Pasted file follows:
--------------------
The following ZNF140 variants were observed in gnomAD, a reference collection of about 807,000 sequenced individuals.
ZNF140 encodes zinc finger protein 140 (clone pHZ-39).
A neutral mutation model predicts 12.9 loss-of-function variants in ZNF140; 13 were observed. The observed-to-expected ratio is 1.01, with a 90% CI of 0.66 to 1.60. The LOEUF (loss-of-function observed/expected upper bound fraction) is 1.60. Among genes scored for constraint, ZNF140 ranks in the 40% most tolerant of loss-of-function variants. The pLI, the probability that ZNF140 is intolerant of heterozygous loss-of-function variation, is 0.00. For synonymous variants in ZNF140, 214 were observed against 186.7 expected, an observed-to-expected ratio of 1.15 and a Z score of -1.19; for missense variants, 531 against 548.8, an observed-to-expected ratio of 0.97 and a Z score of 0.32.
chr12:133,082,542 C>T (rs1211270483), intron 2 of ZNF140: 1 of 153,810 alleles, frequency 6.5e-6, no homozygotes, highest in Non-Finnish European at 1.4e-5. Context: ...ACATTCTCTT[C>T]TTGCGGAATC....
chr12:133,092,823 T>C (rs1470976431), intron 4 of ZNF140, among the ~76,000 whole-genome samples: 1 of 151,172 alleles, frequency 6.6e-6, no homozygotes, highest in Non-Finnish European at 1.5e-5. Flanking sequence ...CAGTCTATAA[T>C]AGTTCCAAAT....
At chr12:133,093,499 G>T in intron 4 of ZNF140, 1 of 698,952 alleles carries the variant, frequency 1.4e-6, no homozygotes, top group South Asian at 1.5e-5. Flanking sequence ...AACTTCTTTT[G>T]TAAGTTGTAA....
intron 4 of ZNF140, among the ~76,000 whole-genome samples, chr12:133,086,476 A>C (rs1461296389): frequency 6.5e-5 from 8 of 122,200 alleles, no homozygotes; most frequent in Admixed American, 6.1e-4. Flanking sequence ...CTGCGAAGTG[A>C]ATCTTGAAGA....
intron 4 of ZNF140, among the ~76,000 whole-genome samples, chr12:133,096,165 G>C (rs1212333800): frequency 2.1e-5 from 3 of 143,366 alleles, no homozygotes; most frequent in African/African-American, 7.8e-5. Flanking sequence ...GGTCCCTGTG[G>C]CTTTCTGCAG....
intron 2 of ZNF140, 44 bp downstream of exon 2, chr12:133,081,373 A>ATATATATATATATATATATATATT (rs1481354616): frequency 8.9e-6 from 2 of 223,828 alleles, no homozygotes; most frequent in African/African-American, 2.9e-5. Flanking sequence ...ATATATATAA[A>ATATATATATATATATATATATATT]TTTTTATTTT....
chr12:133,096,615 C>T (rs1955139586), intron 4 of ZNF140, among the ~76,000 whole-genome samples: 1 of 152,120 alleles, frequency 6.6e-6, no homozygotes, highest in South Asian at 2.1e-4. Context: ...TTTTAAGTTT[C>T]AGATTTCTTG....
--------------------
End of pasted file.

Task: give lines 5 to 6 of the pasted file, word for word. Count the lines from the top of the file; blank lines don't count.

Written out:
chr12:133,092,823 T>C (rs1470976431), intron 4 of ZNF140, among the ~76,000 whole-genome samples: 1 of 151,172 alleles, frequency 6.6e-6, no homozygotes, highest in Non-Finnish European at 1.5e-5. Flanking sequence ...CAGTCTATAA[T>C]AGTTCCAAAT....
At chr12:133,093,499 G>T in intron 4 of ZNF140, 1 of 698,952 alleles carries the variant, frequency 1.4e-6, no homozygotes, top group South Asian at 1.5e-5. Flanking sequence ...AACTTCTTTT[G>T]TAAGTTGTAA....